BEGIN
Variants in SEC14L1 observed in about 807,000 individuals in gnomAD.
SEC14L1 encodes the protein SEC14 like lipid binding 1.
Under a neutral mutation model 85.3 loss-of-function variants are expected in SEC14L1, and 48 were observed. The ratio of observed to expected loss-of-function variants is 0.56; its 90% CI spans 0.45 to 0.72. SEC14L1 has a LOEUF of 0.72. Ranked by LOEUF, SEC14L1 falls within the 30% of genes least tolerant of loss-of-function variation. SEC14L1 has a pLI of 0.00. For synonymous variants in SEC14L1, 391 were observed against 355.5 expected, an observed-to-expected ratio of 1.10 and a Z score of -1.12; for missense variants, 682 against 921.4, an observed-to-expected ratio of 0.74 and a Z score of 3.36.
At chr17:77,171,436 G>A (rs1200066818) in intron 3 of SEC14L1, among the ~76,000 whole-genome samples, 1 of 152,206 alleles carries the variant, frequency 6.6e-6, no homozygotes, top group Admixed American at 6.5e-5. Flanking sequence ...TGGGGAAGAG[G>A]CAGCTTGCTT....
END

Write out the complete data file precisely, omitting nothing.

Variants in SEC14L1 observed in about 807,000 individuals in gnomAD.
SEC14L1 encodes the protein SEC14 like lipid binding 1.
Under a neutral mutation model 85.3 loss-of-function variants are expected in SEC14L1, and 48 were observed. The ratio of observed to expected loss-of-function variants is 0.56; its 90% CI spans 0.45 to 0.72. SEC14L1 has a LOEUF of 0.72. Ranked by LOEUF, SEC14L1 falls within the 30% of genes least tolerant of loss-of-function variation. SEC14L1 has a pLI of 0.00. For synonymous variants in SEC14L1, 391 were observed against 355.5 expected, an observed-to-expected ratio of 1.10 and a Z score of -1.12; for missense variants, 682 against 921.4, an observed-to-expected ratio of 0.74 and a Z score of 3.36.
At chr17:77,171,436 G>A (rs1200066818) in intron 3 of SEC14L1, among the ~76,000 whole-genome samples, 1 of 152,206 alleles carries the variant, frequency 6.6e-6, no homozygotes, top group Admixed American at 6.5e-5. Flanking sequence ...TGGGGAAGAG[G>A]CAGCTTGCTT....